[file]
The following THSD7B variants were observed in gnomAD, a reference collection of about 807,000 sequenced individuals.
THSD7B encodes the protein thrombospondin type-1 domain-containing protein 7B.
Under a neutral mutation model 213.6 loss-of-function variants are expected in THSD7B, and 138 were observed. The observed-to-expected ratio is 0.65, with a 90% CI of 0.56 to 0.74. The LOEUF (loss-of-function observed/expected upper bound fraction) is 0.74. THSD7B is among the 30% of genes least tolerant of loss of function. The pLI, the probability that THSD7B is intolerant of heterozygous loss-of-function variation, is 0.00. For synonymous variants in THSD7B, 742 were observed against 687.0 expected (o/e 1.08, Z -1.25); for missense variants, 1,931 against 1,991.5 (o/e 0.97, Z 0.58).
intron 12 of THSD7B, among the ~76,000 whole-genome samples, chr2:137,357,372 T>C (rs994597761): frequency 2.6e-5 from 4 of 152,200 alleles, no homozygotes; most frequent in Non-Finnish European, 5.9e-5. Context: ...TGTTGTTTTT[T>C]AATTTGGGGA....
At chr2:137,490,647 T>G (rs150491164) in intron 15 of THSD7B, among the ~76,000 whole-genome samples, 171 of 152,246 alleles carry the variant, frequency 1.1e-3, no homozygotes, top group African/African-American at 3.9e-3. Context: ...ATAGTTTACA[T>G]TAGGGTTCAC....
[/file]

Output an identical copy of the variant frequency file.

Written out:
The following THSD7B variants were observed in gnomAD, a reference collection of about 807,000 sequenced individuals.
THSD7B encodes the protein thrombospondin type-1 domain-containing protein 7B.
Under a neutral mutation model 213.6 loss-of-function variants are expected in THSD7B, and 138 were observed. The observed-to-expected ratio is 0.65, with a 90% CI of 0.56 to 0.74. The LOEUF (loss-of-function observed/expected upper bound fraction) is 0.74. THSD7B is among the 30% of genes least tolerant of loss of function. The pLI, the probability that THSD7B is intolerant of heterozygous loss-of-function variation, is 0.00. For synonymous variants in THSD7B, 742 were observed against 687.0 expected (o/e 1.08, Z -1.25); for missense variants, 1,931 against 1,991.5 (o/e 0.97, Z 0.58).
intron 12 of THSD7B, among the ~76,000 whole-genome samples, chr2:137,357,372 T>C (rs994597761): frequency 2.6e-5 from 4 of 152,200 alleles, no homozygotes; most frequent in Non-Finnish European, 5.9e-5. Context: ...TGTTGTTTTT[T>C]AATTTGGGGA....
At chr2:137,490,647 T>G (rs150491164) in intron 15 of THSD7B, among the ~76,000 whole-genome samples, 171 of 152,246 alleles carry the variant, frequency 1.1e-3, no homozygotes, top group African/African-American at 3.9e-3. Context: ...ATAGTTTACA[T>G]TAGGGTTCAC....